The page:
Despite fresh provocations from Pyongyang, the Biden administration is “hoping” North Korea won’t carry out what would be its seventh nuclear test and first in five years, according to a top State Department official, who says Washington is prepared to respond “appropriately” if Pyongyang moves forward with the test that U.S. intelligence has warned may be imminent.
A new nuclear test by Pyongyang would send tensions soaring in the region, and likely force the U.S. and its South Korean and Japanese allies to respond.
Deputy Assistant Secretary of State Mark Lambert outlined Mr. Biden’s approach in remarks Friday, during which he also asserted that the administration continues to offer to hold talks with the North Korean regime despite being repeatedly rebuffed.
“We continue to try to message to the North Koreans that, in short, we will meet them anywhere to talk about anything, but to date, of course, they have not manifested any type of willingness to do that,” Mr. Lambert said.
“But hope springs eternal,” he told a virtual panel discussion hosted by the Center for Strategic and International Studies. “We will continue to work on this. We will continue to try to make it a success.”
But just two days after the U.S. diplomat spoke, North Korea was at it again, test-firing two ballistic missiles with the potential range to reach the Japanese mainland. The tests come in the wake of a major policy shift by Tokyo for a major defense spending boost to create a bigger, more offensive-oriented military.
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The launches came two days after the North Korean regime said it had successfully carried out a test of a solid-fuel motor that could potentially power a more mobile and powerful intercontinental ballistic missile designed to strike the U.S. mainland.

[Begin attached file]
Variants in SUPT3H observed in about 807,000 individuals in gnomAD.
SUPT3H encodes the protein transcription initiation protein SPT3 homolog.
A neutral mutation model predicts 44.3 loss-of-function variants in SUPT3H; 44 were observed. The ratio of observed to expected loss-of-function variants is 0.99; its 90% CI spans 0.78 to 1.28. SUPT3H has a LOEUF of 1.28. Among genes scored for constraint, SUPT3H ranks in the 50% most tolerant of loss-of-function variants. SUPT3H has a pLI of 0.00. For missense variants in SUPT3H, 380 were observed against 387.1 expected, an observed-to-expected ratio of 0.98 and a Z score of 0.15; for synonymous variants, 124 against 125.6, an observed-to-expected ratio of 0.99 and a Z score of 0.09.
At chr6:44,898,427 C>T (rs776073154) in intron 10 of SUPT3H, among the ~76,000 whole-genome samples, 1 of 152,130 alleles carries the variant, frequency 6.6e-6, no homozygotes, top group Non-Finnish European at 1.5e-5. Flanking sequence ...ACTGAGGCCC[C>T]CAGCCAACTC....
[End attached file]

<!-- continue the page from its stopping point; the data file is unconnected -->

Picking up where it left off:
South Korean security officials convened an emergency meeting after Sunday’s tests and Japanese Vice Defense Minister Toshiro Ino said they threatened the safety of Japan, the region and the international community. The U.S. Indo-Pacific Command said the launches highlight the destabilizing impact of North Korea’s unlawful weapons of mass destruction and ballistic missile programs, the Associated Press reported.
The comments from Mr. Lambert, who oversees the State Department’s Japan and Korea portfolios for the Biden administration, come amid growing concern among the U.S. and its allies that a North Korean nuclear test, the first since 2017, could dangerously destabilize a region already on edge over geopolitical tension emanating from Russia’s war in Ukraine and the shaky state of U.S. relations with China.
Pyongyang has already engaged in an accelerated schedule of ballistic missile tests. Mr. Lambert noted the regime of North Korean leader Kim Jong-un has carried out 63 over the past year — far more than in any previous single-year period — and that eight of the tests have included intercontinental ballistic missile launches.